We were all over the area yesterday, driving through Leavenworth, Kansas, John, also driving through parts of Kansas City. People are doing what they can, trying to bolster these levees. The last thing anybody wants is for that really rich, fertile farmland to the south of us -- we're about an hour and a half north of Kansas City -- to get inundated. Farmers lose their livelihood. And crops in peril. Boy, a big change from you talked about on the East Coast and the West Coast with Thelma and what John's going to be looking at.

ROBERTS: All right, Sean, thanks very so much. Appreciate it. We'll check in with you a little bit later on this morning.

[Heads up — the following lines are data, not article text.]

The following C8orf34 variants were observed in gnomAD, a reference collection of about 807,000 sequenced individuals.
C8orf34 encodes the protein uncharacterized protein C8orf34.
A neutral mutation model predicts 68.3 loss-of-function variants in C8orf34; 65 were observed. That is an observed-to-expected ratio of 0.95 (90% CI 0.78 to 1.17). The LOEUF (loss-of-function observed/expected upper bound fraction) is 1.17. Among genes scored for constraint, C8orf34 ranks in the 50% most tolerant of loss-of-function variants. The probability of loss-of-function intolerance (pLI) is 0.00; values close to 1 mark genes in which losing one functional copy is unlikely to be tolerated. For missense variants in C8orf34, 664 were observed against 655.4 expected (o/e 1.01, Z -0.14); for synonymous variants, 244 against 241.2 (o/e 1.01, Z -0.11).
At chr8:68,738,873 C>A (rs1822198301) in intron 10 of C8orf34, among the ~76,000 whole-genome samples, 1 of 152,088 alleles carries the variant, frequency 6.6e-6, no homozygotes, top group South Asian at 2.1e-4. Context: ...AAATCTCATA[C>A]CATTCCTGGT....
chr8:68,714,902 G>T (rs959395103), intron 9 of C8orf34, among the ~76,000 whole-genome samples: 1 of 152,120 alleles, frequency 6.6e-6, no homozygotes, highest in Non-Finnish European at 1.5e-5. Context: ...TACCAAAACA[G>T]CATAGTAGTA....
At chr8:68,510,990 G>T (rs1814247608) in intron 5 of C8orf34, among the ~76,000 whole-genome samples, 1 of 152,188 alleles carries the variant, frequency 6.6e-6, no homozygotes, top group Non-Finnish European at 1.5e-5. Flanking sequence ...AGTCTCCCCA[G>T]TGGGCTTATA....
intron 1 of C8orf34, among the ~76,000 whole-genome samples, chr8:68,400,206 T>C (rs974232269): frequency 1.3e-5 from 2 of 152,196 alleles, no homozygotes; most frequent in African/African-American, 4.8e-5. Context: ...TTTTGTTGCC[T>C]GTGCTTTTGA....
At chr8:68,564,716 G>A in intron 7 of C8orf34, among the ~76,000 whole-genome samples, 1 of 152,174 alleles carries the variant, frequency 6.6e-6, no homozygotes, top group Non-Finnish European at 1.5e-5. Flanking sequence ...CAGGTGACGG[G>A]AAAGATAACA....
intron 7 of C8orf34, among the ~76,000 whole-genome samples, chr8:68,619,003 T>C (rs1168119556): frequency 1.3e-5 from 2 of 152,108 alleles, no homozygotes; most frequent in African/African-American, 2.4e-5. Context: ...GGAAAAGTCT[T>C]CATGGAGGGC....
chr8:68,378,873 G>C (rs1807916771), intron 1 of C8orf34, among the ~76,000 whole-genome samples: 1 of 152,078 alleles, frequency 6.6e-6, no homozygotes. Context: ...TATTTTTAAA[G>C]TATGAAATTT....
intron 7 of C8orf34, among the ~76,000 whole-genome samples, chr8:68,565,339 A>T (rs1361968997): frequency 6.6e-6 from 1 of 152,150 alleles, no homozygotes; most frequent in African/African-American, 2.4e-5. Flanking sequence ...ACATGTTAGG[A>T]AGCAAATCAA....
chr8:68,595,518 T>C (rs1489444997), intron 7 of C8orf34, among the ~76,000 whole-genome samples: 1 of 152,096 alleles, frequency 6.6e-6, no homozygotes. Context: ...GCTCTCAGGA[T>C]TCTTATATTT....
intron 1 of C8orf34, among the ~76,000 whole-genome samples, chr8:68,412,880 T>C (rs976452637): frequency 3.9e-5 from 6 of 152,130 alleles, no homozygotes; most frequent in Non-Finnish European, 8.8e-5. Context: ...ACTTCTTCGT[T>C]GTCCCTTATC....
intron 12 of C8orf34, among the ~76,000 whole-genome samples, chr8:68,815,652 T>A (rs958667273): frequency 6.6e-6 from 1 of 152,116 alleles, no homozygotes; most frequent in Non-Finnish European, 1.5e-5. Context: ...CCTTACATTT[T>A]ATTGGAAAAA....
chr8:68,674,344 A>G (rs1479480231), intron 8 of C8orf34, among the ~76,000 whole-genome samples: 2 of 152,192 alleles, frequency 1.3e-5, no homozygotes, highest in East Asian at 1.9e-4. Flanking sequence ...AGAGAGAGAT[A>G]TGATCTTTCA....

CHETRY: So certainly a busy morning weather wise already for Rob Marciano. We check in with him now. And it looks like, where they need the rain, it's not there. And where they need it to dry out a little bit, that's where they're getting hit.


ROBERTS: Eight minutes after the hour now. Vice President Dick Cheney is in Iraq this morning, landing for an unannounced visit in Baghdad this morning. The vice president is going to meet with leaders of Iraq's government, urging them not to take a two-month vacation this summer. To work, instead, on healing Iraq's political divisions.

ROBERTS: Orders are in. More than 35,000 soldiers could be sent to Iraq in the fall. That means that the troop buildup could last through the end of the year. Conditions on the ground in Iraq will determine whether the additional 35,000 are sent.